Sam Donaldson, White House correspondent for ABC-TV, expressed surprise. Why did President Reagan spend so little time talking to his doctors about his illness and operation? he asked. ``Most people . . . probably would want to spend more than five minutes asking questions about it. He doesn't seem to be curious,'' Mr. Donaldson observed at a White House news briefing.
Larry Speakes, the White House spokesman, replied: ``The President is basically a very solid, a very courageous, very optimistic individual. [He has] a solid, straightforward approach, you know, `Let's get about the business at hand,' . . . and that's exactly the way he approached this.''
``That's amazing,'' Donaldson said.
Donaldson's surprise was perhaps understandable. The American press has covered the President's illness and operation in excruciating detail. Photographs, drawings, and thousands of words have reviewed every aspect. A reader of the New York Times might know more about the illness than the President himself.
Some Washington officials, such as Sen. Alan K. Simpson (R) of Wyoming, think it's all too much. In fact, even the Reagan White House, which has been as open as any in history in discussing the President's physical problems, finally put a lid on information at midweek.
No, the hospital's pathology report on the President will not be released, the White House announced.
No, doctors will no longer be giving interviews on the President's condition, it was decided.
First Lady Nancy Reagan is among those who have been concerned that coverage has been overdone. The doctor-patient relationship that includes privacy does have some validity even for presidents, she let it be known.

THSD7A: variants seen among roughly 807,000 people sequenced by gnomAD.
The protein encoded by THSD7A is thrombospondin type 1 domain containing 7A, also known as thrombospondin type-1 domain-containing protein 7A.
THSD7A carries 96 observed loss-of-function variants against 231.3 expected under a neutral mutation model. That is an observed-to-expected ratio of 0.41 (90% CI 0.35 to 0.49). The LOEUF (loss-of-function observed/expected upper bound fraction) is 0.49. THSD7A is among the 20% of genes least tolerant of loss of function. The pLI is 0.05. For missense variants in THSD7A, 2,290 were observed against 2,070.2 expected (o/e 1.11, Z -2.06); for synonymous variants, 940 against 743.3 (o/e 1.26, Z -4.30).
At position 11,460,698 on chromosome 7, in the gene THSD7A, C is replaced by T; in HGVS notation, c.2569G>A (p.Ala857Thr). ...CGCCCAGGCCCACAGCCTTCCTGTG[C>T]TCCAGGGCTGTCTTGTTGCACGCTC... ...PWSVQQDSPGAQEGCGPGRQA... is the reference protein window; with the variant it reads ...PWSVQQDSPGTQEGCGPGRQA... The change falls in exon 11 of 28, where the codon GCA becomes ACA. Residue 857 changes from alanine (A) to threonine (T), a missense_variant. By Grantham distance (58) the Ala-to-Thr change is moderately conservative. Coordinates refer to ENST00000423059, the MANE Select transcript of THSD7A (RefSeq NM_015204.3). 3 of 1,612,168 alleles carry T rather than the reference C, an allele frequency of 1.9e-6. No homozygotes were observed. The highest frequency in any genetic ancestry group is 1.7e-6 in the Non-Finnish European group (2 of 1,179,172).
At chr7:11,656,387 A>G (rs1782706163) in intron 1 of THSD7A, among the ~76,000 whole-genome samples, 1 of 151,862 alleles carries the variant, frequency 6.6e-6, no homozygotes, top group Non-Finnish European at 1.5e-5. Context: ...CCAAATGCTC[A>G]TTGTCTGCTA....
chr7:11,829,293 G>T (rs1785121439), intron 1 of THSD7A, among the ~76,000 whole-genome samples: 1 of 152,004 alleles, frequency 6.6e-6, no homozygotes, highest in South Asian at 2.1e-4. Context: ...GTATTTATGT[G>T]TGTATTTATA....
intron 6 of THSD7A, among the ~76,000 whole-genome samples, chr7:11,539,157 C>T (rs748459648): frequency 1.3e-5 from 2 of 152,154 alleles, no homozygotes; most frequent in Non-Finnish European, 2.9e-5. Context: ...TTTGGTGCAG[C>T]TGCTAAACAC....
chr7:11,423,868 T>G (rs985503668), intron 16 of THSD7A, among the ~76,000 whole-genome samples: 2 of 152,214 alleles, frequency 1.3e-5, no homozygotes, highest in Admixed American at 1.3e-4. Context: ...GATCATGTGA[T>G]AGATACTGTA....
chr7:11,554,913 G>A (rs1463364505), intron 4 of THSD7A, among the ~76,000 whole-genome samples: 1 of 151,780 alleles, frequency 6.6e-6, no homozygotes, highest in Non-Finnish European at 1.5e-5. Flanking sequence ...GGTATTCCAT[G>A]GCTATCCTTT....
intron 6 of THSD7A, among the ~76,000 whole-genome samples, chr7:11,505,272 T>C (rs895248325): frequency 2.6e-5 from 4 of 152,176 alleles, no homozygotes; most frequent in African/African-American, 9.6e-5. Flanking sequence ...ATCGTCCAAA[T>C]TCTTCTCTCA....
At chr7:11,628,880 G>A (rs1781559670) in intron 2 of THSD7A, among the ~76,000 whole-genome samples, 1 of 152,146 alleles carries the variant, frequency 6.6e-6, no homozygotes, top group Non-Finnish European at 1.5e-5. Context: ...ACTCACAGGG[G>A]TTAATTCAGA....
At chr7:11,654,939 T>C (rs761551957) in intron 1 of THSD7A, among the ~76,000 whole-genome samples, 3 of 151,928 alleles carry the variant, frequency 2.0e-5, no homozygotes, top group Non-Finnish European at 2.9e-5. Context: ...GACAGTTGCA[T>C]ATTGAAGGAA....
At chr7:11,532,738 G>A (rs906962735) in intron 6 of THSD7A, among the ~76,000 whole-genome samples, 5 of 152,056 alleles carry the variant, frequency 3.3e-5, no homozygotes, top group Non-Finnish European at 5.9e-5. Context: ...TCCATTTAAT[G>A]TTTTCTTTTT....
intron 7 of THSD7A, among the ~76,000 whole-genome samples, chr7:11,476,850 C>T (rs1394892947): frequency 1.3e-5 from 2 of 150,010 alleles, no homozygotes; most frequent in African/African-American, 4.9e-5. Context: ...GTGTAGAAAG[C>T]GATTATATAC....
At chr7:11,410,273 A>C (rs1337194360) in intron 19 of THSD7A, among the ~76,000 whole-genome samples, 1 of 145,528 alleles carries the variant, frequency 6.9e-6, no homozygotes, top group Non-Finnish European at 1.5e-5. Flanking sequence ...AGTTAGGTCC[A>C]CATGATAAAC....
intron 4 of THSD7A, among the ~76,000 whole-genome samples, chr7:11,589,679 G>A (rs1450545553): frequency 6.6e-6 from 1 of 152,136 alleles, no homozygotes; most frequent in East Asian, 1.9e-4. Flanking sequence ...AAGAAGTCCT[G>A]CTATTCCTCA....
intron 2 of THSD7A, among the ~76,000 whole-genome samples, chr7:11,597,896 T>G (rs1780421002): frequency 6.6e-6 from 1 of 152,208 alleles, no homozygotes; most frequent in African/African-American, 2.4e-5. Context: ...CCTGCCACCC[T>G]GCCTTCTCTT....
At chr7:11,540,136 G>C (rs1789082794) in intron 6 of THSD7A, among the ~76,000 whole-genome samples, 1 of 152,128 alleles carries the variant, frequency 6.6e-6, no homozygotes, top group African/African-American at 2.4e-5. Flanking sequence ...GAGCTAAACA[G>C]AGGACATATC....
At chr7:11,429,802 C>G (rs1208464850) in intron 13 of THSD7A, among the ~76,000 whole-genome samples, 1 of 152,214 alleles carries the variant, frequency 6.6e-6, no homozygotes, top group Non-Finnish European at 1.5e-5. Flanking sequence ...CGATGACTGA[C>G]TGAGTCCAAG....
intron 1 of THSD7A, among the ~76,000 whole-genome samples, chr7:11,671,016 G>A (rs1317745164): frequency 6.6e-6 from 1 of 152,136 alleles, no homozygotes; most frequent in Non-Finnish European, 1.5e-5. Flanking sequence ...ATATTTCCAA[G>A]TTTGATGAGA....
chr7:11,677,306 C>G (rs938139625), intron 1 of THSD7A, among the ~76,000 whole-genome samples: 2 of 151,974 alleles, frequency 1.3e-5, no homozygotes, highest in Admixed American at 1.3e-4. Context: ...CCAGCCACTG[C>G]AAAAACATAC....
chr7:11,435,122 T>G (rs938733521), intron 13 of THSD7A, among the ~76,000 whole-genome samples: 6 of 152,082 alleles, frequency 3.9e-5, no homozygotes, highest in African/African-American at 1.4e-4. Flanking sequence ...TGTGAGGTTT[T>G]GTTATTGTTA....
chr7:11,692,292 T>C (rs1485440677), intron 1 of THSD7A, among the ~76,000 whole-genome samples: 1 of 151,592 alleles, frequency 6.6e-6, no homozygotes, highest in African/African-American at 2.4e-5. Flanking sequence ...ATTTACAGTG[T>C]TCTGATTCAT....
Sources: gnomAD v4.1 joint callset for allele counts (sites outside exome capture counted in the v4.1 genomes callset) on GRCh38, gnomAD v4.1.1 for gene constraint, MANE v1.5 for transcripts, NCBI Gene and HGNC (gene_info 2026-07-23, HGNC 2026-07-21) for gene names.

Political scholars sympathize with such concerns. But as they look at American history, and at other countries, they say the current practice of heavy coverage does have some advantages.
Openness, says Princeton political scientist Fred I. Greenstein, is much to be preferred to the evasiveness practiced by other administrations.
The ``grand deception'' of Franklin D. Roosevelt, especially the decline in his physical health in 1944, was in sharp and unflattering contrast to Reagan's candor, Dr. Greenstein notes. Other presidents who kept secrets included John F. Kennedy, Richard M. Nixon, Woodrow Wilson, and Grover Cleveland.
It was Dwight D. Eisenhower who moved toward full disclosure with such forthrightness that some Americans found the details distasteful. Although Kennedy, who immediately followed Eisenhower in office, and later Nixon, failed to admit their problems, others -- Lyndon B. Johnson, Jimmy Carter, and now Reagan -- have followed the Eisenhower pattern.
This openness amazes some foreign observers. In the Soviet Union, health problems of leaders are not admitted until radio stations begin broadcasting funeral dirges. In some other countries, such as the Philippines and Japan, the health of its leaders sometimes is treated as a state secret.
What, then, is the problem with total candor?
Some coverage tends to be ``ghoulish,'' contends Senator Simpson. ``There's a doomsday quality there that seems to pervade the reporting of his operation.''
A Simpson aide, elaborating on the senator's criticism of the press and TV, says he worries that in Washington ``people tend to make high drama out of just about everything, especially things that concern the President.''
The senator's concern, the aide says, is that ``the scrutiny public officials are put under is so severe that no one can be put up to the test.'' The invasion of every aspect of an individual's privacy is making public service less attractive. Good people who might want to serve in public office are being driven away.
Meanwhile, at the White House, aides are trying to turn aside some overly personal inquiries about Mr. Reagan with humor. Is the President still in pain? asked one reporter.
``A little discomfort when he does his sit-ups,'' an aide quipped.